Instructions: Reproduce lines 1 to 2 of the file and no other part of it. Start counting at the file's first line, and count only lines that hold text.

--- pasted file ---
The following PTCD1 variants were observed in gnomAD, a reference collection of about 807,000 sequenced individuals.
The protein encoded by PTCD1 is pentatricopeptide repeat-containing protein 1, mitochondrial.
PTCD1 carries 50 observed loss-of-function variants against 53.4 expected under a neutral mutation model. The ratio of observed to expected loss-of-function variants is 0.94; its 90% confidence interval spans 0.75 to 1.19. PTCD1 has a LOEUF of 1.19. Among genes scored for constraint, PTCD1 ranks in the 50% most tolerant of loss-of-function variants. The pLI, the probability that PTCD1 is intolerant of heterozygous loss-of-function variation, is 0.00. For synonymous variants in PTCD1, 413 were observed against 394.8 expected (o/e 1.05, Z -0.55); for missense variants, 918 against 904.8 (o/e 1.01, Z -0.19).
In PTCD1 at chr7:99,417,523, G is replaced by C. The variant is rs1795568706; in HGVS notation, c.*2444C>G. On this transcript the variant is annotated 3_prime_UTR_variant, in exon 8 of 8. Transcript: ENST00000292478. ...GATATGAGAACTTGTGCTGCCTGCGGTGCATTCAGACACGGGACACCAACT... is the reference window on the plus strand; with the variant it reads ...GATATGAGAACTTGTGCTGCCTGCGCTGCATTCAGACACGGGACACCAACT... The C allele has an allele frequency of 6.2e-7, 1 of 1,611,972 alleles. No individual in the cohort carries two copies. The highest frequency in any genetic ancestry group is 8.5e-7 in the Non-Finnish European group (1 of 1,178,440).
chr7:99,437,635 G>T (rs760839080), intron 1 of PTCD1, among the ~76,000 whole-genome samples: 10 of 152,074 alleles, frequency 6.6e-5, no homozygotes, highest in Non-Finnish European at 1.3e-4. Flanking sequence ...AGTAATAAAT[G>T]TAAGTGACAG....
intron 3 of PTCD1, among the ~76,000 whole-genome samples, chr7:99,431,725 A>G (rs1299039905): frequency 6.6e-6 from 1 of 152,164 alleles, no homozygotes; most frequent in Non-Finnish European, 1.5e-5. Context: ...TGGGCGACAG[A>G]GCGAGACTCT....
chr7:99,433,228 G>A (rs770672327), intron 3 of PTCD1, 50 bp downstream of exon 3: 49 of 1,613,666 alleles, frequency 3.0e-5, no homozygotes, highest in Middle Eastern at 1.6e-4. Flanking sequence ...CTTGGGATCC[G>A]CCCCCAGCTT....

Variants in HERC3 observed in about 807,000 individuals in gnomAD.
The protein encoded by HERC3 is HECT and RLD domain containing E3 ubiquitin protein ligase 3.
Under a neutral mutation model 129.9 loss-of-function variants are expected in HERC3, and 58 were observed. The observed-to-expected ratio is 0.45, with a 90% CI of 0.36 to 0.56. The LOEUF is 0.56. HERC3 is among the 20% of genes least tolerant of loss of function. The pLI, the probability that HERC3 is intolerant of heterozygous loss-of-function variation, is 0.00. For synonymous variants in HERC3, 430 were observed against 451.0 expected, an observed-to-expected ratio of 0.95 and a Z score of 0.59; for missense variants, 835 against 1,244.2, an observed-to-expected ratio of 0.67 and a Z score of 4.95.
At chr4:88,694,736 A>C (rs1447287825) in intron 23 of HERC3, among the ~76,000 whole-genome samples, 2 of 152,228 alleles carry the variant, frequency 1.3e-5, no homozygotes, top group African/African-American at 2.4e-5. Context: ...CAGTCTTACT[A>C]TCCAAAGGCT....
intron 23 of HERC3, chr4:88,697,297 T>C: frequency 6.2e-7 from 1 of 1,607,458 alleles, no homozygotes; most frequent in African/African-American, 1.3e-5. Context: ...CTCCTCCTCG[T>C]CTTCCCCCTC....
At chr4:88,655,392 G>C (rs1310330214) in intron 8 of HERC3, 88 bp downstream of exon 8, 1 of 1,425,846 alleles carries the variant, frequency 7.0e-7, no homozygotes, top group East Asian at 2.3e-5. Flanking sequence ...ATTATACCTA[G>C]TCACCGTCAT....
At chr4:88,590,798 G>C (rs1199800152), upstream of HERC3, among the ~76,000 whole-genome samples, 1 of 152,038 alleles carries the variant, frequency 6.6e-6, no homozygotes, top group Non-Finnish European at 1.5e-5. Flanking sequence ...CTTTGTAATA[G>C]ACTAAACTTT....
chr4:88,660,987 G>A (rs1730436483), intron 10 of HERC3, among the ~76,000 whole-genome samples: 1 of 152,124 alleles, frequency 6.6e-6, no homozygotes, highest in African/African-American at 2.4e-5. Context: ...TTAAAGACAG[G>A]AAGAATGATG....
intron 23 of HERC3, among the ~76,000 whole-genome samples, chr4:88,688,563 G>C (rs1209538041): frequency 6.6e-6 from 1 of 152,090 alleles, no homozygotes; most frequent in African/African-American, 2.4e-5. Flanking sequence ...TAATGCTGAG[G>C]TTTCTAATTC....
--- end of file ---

The following PTCD1 variants were observed in gnomAD, a reference collection of about 807,000 sequenced individuals.
The protein encoded by PTCD1 is pentatricopeptide repeat-containing protein 1, mitochondrial.